by james w thomas
On the glorious First of March, the Welsh will toast St. David, the patron saint of Wales (and abbot of Menevia). If you’re lucky, you might raise a glass of Penderyn whisky from the foothills of the Brecon Beacons, Brains beer from Cardiff, or gwin gwyn from White Castle in Abergavenny. (They’re hard to find in America.) Or you could follow the saint’s example. He was also known as Dewi Ddyfrwr or the David the Water Drinker. Whisky, beer, or wine would have gotten a monk thrown out of his order.
His Monastic Rule was strict. Plows must be pulled by men (giving the horses a break); only water or milk can be drunk (to avoid getting drunk); and only bread with herbs or vegetables and salt can be eaten for breakfast, lunch and dinner (a high sodium diet but vegetarian). His followers had to give up meat and beer, so there was no barbecue on holidays or rugby on the weekends. David was inspiring but not a fun guy. His monks supposedly poisoned him once because he trashed the chocolate cake for desert.
The brothers might have tried to put him off with leeks or daffodils, but that’s not why they both became vegetarian symbols of Wales as St. David is the spiritual icon. Michael Drayton, the Elizabethan poet, claimed that David ate only raw leeks while he was fasting, which could have annoyed his followers no end since his sermons would smell. The leek is related to onions and garlic.
The daffodil, though, is poisonous. The name is a variation of asphodel as in Fields of Asphodel in Hades. In Wales the flower is called St. Peter’s leek or “cenhinen Bedr”. It’s actually a narcissus, introduced by the Romans, and the name is Greek, “narkissos”, from the word “narke” or numbness, also the root of narcotic. In excess, the flower can be lethal, so do not put daffodils, or the bulbs, in the leek soup unless you want to go to Hell. Why anyone would want to eat a daffodil in the first place is a different problem.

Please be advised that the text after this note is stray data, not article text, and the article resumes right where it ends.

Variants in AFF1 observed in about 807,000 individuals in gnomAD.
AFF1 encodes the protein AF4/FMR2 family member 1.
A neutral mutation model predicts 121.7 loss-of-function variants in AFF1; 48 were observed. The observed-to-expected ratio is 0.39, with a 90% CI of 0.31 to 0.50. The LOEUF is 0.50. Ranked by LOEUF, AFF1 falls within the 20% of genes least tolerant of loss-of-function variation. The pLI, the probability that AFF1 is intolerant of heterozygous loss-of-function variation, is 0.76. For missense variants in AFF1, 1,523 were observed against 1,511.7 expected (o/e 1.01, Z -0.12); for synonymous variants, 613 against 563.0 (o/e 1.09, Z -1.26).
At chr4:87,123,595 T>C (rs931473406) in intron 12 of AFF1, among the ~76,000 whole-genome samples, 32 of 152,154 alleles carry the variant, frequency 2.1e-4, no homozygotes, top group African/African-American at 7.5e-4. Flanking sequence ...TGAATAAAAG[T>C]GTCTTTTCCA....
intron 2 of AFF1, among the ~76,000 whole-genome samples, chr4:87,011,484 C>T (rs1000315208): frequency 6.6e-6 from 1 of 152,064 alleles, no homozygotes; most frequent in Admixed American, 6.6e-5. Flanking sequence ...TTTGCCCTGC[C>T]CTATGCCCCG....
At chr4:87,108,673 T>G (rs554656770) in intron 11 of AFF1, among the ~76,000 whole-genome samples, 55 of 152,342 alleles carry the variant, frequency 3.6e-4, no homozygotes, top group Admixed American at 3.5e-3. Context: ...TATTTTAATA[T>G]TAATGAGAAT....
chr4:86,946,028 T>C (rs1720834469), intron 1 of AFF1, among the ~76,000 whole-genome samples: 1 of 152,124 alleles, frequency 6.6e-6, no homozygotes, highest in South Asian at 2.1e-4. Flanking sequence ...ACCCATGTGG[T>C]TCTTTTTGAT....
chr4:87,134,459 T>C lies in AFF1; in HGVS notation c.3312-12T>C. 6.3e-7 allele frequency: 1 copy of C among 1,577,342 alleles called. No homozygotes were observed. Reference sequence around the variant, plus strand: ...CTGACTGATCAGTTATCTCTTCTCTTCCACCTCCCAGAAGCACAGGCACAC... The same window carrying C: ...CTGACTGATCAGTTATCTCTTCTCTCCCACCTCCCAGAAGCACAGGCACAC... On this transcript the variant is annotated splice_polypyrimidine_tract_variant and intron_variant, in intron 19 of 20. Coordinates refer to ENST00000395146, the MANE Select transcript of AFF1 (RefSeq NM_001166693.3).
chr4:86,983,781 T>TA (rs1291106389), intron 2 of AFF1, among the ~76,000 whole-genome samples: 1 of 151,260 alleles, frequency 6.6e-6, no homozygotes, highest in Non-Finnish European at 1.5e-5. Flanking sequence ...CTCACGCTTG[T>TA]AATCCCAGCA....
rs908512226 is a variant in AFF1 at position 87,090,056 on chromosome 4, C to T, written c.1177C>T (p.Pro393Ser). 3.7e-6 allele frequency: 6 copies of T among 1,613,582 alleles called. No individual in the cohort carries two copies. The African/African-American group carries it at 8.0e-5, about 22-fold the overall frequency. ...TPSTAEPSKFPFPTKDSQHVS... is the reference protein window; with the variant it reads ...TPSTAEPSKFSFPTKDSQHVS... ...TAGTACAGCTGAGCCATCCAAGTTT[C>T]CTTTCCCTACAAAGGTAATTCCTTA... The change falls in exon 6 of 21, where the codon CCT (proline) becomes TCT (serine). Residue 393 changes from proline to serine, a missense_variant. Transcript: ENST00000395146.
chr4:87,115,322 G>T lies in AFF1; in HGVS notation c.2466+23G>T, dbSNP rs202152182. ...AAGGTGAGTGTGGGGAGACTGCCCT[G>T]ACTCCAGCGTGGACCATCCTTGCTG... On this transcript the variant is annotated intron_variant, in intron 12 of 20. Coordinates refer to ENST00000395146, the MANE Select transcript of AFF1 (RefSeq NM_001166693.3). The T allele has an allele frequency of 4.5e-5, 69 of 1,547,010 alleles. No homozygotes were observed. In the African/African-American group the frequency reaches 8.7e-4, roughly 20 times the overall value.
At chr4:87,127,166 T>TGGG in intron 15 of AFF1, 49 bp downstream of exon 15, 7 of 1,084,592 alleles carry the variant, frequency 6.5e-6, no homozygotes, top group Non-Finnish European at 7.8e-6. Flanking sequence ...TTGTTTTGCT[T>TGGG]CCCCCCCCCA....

The Romans also brought the leek to Wales, possibly during the reign of Emperor Nero in the first century. He liked leek soup because he thought it was good for his voice. He was a tenor. The modern symbolic force of leeks comes from – your choice – a king, a saint, or a comedian. King Cadwaladr in ordered his men to wear leeks on their helmets to identify themselves from the invading Saxons. Or Saint David himself suggested the identification. In a serious fight, a floppy green vegetable dangling from your head doesn’t seem like the best of ID badges. So a comedian most likely said it.
Yellow daffodils, already loved in poetry and painting and popular Britain, were publicized by the inimitable David Lloyd George, who wore one in his lapel every March, as he did at the Investiture of the Prince of Wales in 1911. Lloyd George’s own popularity, or lack thereof, as Prime Minister kept the flower in the Welsh public’s eye. And a daffodil certainly smells better than a leek.
No matter what you drink, the whisky or the soup, remember that St. David’s Day celebrates the day he died. He was born perhaps as early as AD 500 and died in 569, or 589, or some modern historians claim it was as late as 601. He never had a driver’s license or a death certificate, so it’s hard to tell. He is still beloved by the Welsh, and partly because his name means just that. It comes from the word for “beloved” in Hebrew, “dawid”. David was, of course, the king of Israel before there even was a Wales.
Our David was a follower of Augustine, another fun guy in his younger days but a stick when he got religion. David helped him out by denouncing another Welsh preacher, Pelagius (a Latin version, possibly, of Morgan), who had his own heresy rejecting original sin and accepting goodness without divine aid. While slamming Pelagius at the Synod of Brefi, his best known miracle occurred. A white dove settled on David’s shoulder as the ground rose beneath his feet, providing better sight lines for his audience and another hill for Wales. There is no record if the bird left any mark.
So wine or water, whisky or beer, or ginger ale – Mwynhau! Enjoy St. David’s Day!